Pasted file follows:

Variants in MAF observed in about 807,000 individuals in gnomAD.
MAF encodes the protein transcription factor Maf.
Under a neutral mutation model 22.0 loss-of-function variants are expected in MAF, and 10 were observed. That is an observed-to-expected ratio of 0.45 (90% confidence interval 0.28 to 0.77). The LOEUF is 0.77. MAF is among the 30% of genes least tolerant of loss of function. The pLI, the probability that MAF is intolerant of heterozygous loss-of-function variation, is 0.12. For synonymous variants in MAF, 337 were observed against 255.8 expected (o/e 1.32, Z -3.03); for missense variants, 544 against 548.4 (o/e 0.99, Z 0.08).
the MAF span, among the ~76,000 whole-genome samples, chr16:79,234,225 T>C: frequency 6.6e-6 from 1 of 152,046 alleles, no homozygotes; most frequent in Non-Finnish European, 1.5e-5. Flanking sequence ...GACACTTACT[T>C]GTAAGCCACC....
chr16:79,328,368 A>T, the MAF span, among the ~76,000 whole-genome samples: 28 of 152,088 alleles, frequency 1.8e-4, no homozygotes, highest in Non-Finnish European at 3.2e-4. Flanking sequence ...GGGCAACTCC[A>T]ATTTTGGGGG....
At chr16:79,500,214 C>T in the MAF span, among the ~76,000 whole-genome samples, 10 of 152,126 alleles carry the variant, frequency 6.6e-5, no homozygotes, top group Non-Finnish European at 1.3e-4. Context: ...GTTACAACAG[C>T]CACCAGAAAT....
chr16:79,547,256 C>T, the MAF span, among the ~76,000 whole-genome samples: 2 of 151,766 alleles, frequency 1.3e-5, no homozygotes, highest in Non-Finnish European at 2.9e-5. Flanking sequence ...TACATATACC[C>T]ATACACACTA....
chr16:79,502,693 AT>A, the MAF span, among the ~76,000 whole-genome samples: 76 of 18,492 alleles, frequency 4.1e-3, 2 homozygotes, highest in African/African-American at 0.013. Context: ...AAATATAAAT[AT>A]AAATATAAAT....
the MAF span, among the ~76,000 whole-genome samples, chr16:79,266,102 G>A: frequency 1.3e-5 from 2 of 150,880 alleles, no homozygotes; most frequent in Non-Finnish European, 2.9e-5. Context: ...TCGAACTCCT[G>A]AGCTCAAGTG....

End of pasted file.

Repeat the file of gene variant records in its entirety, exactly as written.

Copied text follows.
Variants in MAF observed in about 807,000 individuals in gnomAD.
MAF encodes the protein transcription factor Maf.
Under a neutral mutation model 22.0 loss-of-function variants are expected in MAF, and 10 were observed. That is an observed-to-expected ratio of 0.45 (90% confidence interval 0.28 to 0.77). The LOEUF is 0.77. MAF is among the 30% of genes least tolerant of loss of function. The pLI, the probability that MAF is intolerant of heterozygous loss-of-function variation, is 0.12. For synonymous variants in MAF, 337 were observed against 255.8 expected (o/e 1.32, Z -3.03); for missense variants, 544 against 548.4 (o/e 0.99, Z 0.08).
the MAF span, among the ~76,000 whole-genome samples, chr16:79,234,225 T>C: frequency 6.6e-6 from 1 of 152,046 alleles, no homozygotes; most frequent in Non-Finnish European, 1.5e-5. Flanking sequence ...GACACTTACT[T>C]GTAAGCCACC....
chr16:79,328,368 A>T, the MAF span, among the ~76,000 whole-genome samples: 28 of 152,088 alleles, frequency 1.8e-4, no homozygotes, highest in Non-Finnish European at 3.2e-4. Flanking sequence ...GGGCAACTCC[A>T]ATTTTGGGGG....
At chr16:79,500,214 C>T in the MAF span, among the ~76,000 whole-genome samples, 10 of 152,126 alleles carry the variant, frequency 6.6e-5, no homozygotes, top group Non-Finnish European at 1.3e-4. Context: ...GTTACAACAG[C>T]CACCAGAAAT....
chr16:79,547,256 C>T, the MAF span, among the ~76,000 whole-genome samples: 2 of 151,766 alleles, frequency 1.3e-5, no homozygotes, highest in Non-Finnish European at 2.9e-5. Flanking sequence ...TACATATACC[C>T]ATACACACTA....
chr16:79,502,693 AT>A, the MAF span, among the ~76,000 whole-genome samples: 76 of 18,492 alleles, frequency 4.1e-3, 2 homozygotes, highest in African/African-American at 0.013. Context: ...AAATATAAAT[AT>A]AAATATAAAT....
the MAF span, among the ~76,000 whole-genome samples, chr16:79,266,102 G>A: frequency 1.3e-5 from 2 of 150,880 alleles, no homozygotes; most frequent in Non-Finnish European, 2.9e-5. Context: ...TCGAACTCCT[G>A]AGCTCAAGTG....